More About the Author
Ted Reinstein is best known around New England as a longtime correspondent for "Chronicle," the equally longtime and celebrated nightly newsmagazine which airs on Boston's ABC affiliate, WCVB-TV. In 2012, "Chronicle" marked its thirtieth year on television. Having won most major U.S. broadcasting awards, it remains the nation's longest-running locally-produced TV newsmagazine. Ted joined the show in 1995 as a reporter and producer. Early on, he was drawn to cover Boston's famous (some would say infamous) Big Dig project, and for several years filed stories that brought viewers deep underground, and high up on hundred-foot cranes. In 2002, he was part of a "Chronicle" team that won a prestigious national DuPont-Columbia Broadcast Journalism Award for their comparison of the Big Dig with other massive public works projects around the world. Today, while he occasionally appears in the show's studio filling in at the anchor desk or delivering an opinion commentary, it's mostly out in the field where viewers have come to expect to see Ted. From literally every corner of New England he has found the offbeat, the interesting and the just plain quirky, all while telling the enduringly colorful stories of New England's people and places. As a native, it's a region he knows well and loves deeply; he was born on the edge of Boston Harbor in Winthrop, Massachusetts. Politics is also a passion (what better place to be than Boston?), and he gets to indulge it on-air once a week as a contributor for WCVB's political roundtable show, "On The Record." (He's indulged elsewhere, too; in 2010 he was one of five national finalists in the Washington Post's "Next Great American Pundit" competition.) He continues to write a weekly opinion column ("And Another Thing") for WCVB.com, and since 2008 has been a member of the station's editorial board.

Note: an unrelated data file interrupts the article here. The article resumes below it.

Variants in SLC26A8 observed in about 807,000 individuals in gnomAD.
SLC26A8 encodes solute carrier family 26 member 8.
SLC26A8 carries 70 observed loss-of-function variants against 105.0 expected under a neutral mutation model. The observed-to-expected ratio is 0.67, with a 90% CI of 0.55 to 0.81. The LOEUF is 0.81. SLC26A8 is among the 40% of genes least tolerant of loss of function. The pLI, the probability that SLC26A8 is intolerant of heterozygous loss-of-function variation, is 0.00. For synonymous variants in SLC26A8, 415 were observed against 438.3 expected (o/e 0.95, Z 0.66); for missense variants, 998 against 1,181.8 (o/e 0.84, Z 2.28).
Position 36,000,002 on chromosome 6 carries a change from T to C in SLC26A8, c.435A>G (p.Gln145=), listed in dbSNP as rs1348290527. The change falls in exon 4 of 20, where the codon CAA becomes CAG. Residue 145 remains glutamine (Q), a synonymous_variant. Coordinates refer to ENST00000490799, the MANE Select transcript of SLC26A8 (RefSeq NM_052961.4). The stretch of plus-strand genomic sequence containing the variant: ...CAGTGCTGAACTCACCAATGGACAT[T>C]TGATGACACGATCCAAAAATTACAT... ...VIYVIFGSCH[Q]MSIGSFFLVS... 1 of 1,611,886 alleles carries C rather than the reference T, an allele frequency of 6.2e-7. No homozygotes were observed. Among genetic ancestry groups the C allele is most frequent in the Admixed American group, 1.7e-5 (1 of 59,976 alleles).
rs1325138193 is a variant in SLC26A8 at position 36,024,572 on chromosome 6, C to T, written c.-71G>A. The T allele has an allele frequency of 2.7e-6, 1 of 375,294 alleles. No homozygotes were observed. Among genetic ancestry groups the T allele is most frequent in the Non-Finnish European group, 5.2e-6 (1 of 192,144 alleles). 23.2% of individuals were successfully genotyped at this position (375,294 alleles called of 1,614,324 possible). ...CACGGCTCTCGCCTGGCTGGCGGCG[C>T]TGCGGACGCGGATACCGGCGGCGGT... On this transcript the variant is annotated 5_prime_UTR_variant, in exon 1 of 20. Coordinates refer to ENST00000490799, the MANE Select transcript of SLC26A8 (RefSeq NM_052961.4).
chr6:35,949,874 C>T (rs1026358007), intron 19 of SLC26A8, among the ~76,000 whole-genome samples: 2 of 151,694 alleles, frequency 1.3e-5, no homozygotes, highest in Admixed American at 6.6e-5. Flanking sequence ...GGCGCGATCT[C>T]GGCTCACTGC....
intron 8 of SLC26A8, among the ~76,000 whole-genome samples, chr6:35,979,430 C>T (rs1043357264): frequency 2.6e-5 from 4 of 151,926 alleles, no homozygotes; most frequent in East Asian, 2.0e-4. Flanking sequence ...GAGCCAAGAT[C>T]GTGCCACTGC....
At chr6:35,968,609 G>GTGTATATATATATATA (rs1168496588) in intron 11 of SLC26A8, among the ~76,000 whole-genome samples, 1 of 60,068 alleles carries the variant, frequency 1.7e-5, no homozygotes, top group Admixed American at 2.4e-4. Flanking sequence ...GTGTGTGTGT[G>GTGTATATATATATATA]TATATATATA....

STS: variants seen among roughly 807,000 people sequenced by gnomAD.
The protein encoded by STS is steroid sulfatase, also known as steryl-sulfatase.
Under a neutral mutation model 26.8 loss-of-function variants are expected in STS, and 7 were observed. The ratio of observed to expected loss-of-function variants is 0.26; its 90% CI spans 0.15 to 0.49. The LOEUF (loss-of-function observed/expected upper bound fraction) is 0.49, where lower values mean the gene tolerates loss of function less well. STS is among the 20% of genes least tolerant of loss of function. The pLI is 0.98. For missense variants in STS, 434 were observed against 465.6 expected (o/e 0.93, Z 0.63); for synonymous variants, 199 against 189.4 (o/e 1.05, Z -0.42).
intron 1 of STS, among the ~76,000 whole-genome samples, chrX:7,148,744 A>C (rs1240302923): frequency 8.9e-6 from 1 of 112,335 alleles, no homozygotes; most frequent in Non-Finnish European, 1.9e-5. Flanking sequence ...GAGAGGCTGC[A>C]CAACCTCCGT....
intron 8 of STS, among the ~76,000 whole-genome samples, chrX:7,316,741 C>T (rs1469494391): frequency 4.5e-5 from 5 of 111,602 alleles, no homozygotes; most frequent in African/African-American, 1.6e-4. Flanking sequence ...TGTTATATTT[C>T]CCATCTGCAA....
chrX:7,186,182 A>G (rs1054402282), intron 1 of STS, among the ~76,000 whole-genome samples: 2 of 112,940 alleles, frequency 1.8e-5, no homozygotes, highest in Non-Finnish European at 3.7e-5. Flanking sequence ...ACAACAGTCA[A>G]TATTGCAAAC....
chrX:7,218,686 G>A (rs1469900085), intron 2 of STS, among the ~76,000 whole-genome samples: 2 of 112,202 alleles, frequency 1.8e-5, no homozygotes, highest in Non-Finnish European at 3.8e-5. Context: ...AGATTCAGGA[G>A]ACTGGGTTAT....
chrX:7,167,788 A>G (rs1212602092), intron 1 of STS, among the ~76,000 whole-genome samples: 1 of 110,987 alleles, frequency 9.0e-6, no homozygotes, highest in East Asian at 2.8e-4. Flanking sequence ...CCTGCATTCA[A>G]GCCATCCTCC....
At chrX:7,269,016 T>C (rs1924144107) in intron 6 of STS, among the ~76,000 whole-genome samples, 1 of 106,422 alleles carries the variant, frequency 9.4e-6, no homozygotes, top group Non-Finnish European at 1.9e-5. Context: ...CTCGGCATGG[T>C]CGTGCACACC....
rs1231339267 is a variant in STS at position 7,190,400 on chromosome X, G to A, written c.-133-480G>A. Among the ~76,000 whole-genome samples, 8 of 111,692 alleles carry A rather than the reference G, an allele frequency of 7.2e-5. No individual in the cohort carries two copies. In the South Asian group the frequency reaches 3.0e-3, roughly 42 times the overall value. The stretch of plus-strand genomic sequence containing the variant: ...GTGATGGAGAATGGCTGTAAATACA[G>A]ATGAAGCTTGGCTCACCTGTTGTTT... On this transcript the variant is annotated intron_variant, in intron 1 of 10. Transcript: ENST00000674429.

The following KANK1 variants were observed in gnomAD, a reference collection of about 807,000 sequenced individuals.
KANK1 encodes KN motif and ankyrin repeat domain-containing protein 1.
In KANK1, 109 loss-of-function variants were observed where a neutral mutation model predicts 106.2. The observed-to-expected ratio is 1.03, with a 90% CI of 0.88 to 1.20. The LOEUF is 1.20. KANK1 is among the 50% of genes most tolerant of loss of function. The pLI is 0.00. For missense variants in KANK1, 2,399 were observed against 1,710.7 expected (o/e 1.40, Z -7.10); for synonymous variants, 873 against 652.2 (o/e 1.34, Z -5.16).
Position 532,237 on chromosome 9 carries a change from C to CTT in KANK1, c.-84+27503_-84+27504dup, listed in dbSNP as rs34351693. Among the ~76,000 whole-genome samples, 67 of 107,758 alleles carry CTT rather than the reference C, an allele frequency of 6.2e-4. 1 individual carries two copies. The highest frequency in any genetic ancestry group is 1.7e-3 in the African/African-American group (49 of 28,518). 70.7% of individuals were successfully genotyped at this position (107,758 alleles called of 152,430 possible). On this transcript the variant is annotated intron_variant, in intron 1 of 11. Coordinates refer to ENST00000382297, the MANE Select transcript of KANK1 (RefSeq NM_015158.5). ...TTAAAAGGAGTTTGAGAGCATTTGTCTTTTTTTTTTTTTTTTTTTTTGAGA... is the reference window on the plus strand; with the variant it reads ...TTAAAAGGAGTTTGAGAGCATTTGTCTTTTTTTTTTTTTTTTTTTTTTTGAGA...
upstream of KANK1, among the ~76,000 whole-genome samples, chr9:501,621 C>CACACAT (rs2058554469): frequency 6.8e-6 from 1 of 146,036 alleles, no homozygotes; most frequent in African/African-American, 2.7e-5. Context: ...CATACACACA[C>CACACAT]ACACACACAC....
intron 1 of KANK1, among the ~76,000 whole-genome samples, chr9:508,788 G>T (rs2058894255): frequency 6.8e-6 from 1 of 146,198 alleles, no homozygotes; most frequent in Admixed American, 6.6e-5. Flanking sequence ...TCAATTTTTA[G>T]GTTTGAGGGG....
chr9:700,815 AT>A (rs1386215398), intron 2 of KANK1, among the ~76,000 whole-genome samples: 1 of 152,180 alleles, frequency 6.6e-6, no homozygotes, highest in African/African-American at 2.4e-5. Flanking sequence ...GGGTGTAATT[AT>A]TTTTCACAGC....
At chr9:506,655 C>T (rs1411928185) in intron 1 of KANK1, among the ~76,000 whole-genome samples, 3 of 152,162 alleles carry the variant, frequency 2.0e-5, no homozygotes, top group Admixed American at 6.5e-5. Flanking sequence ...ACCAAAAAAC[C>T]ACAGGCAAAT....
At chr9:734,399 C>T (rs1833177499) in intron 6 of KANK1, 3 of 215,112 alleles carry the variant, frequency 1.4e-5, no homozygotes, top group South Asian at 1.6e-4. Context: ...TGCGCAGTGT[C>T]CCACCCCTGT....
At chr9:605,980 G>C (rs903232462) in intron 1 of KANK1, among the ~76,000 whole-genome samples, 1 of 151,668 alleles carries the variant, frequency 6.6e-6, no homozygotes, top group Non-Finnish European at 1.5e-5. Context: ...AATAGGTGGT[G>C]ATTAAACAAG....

Elsewhere on television, Ted hosted the premiere season of the Discovery Channel's "Popular Mechanics" show. (A wonder, really, considering that at the time he owned but two power tools.) Out of the studio, he explored Hawaii's volcanoes, the caves of Puerto Rico, and the islands of Tahiti as host and correspondent for the Travel Channel's photo/adventure series, "FreezeFrame."
Ted also maintains a strong love of live theatre, the place where his early career started. He performed in regional theatre as well as in Chicago, New York (where he lived and studied acting) and Boston, where he appeared in over 500 performances of America's longest-running non-musical, "Shear Madness," as well as in award-winning productions of Arthur Miller's "Death of a Salesman," and David Mamet's "Speed-the-Plow." As a playwright, he's co-author of "Yom Kippur in Da Nang," which premiered in 1992 at the Jewish Theatre of New England under the direction of the late David Wheeler (American Repertory Theatre). He has also written several shorter plays which were produced as part of Boston's annual Theatre Marathon.
In 2013, Globe Pequot Press published his first book, "A New England Notebook: Six States, One Reporter, Uncommon Stories." The book, in an unusual encyclopedic style, recounts many of Ted's favorite people and stories from his many travels around New England for "Chronicle."
Ted received his bachelor's and master's degrees from Brandeis University, where he was valedictorian on graduation in 1984. He's an avid skier and hiker, has published political cartoons, and volunteered for many years in the "Big Brother" program. He's a member of the Board of Trustees for both Longfellow's Historic Wayside Inn in Sudbury, Massachusetts, and Temple Beth David in Westwood, MA. He lives with his wife and two daughters just west of Boston where, his trustee memberships aside, he's frequently out-voted.